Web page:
Actually, here, if somebody can reproduce the error (wherein the call to _malloc_dbg resulting from the allocation in Run1() or Run2() fails and as a result a memory exception is thrown), I'd award the points
(bonus ponts, if it were possible if anyone can tell why memory leak occurs in sample program when it closes down)

Attachments won't allow .vcproj, .rc, .rc2, .ico files in attachments (unbelievable!), so after attached file is expanded

Rename  cwinthreadtest.vbproj -> cwinthreadtest.vcproj,
cwinthreadtest.txt -> cwinthreadtest.rc,
res\cwinthreadtest.ini -. reg\cwinthreadtest.ico,
res\cwinthreadtest.reg -> reg\cwinthreadtest.rc2
cwinthreadtest.zip
Commented:
I think you have possibly experienced a rogue problem that could have been caused by any number of things, ranging from bad memory, fixed by a restart, to an incorrect link fixed by a rebuild.

I have been in these situations before; trying to reproduce a problem using a cut down version of production code.  I too have wasted days trying to no avail.  Then a rebuild of the original project fixes the issue.

Go back to your production code.  Rebuild and retry.  If the problem still occurs, then you really do have an issue that you yourself need to reproduce on a smaller scale.  Possible workarounds (and that is all they are) include allocating all memory that will possibly be needed in the thread's constructor, thereby in the main thread.  You could consider a placement new operator for this, if memory restrictions exist.

Now, I have downloaded your code and looked at it, and I feel you could improve your thread code.  Why have you added static "Run()" methods, passing "this" in as a parameter?  There is simply no need to do this!  C++ is object oriented therefore we can use this notion extensively...a thread is a perfect example of a self contained object.  I have posted some example code which I feel will help with this notion.  You do all of your work in the virtual Go() method, where you can make use of all member variable etc etc just as in any C++ object.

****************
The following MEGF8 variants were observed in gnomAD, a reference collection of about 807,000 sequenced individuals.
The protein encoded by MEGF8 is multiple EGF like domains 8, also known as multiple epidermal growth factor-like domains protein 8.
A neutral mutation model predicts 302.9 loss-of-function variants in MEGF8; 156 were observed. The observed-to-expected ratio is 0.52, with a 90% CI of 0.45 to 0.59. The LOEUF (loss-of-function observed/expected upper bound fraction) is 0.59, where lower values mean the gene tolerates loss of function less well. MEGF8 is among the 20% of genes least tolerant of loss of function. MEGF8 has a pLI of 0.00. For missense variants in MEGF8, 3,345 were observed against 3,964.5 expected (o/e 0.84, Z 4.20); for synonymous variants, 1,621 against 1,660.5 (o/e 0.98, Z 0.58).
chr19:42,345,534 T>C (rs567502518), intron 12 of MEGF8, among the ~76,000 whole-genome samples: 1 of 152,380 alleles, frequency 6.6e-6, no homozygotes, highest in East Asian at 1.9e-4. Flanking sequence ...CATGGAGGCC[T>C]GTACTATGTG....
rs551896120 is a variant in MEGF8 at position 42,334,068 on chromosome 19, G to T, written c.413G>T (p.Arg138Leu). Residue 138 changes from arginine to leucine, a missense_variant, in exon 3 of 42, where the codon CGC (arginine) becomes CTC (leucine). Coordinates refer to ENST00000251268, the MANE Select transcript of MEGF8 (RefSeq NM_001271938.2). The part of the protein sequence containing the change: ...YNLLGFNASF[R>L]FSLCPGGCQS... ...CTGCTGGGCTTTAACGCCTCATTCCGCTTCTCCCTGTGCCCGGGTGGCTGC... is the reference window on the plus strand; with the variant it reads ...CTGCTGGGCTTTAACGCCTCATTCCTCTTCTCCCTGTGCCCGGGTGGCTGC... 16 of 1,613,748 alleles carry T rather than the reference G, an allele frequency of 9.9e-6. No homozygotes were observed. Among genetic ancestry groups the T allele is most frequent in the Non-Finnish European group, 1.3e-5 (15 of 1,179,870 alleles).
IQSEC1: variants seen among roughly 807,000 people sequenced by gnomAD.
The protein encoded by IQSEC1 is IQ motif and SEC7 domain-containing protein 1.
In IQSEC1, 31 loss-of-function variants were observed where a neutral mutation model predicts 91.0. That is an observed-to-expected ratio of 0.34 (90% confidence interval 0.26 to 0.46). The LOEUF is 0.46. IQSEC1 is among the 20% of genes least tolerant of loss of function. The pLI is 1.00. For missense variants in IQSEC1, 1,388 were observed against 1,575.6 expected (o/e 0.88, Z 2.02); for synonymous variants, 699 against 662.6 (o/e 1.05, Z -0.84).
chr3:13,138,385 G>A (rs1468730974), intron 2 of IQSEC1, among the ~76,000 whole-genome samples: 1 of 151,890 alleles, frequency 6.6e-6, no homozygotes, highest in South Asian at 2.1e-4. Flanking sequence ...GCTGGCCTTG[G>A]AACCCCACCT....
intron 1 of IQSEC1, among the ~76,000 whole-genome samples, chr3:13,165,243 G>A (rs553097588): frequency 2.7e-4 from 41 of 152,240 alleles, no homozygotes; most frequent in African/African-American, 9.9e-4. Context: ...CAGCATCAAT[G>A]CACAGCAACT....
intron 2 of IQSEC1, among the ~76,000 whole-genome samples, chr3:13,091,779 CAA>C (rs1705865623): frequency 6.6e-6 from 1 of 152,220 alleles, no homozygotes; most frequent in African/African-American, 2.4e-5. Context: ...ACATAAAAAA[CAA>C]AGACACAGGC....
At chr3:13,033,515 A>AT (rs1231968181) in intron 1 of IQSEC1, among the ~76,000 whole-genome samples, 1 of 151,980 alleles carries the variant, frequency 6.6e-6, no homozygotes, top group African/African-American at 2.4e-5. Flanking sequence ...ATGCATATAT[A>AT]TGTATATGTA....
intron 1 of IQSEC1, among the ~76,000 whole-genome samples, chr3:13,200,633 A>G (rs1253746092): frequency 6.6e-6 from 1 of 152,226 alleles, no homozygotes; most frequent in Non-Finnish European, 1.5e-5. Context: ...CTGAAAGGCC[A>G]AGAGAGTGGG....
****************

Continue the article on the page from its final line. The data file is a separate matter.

HTH
// .h

class CMyWorkerThread : public CWinThread
{
public:
	CMyWorkerThread();
	virtual ~CMyWorkerThread();
	virtual BOOL InitInstance();
	void Abort();

protected:

	virtual void Go();
	HANDLE m_hAbort;
};

// .cpp

CMyWorkerThread::CMyWorkerThread() 
{ 
	m_hAbort = ::CreateEvent(NULL, TRUE, FALSE, NULL);
}

BOOL CMyWorkerThread::InitInstance()
{
	Go();
	return FALSE;
}


void CMyWorkerThread::Abort()
{
	if (m_hThread)
	{
		::SetEvent(m_hAbort);
	}
}

/* virtual */ void CThreadSign::Go()
{
	while ( WaitForSingleObject ( m_hAbort, 0 ) != WAIT_OBJECT_0 ) 
	{
		// Do work, making use of member variables etc etc
	}	
}

Open in new window

Author

Commented:
Sorry, the original program was working so I crossed my fingers and have been going with it and took my eyes off the submitted question (so far, so good)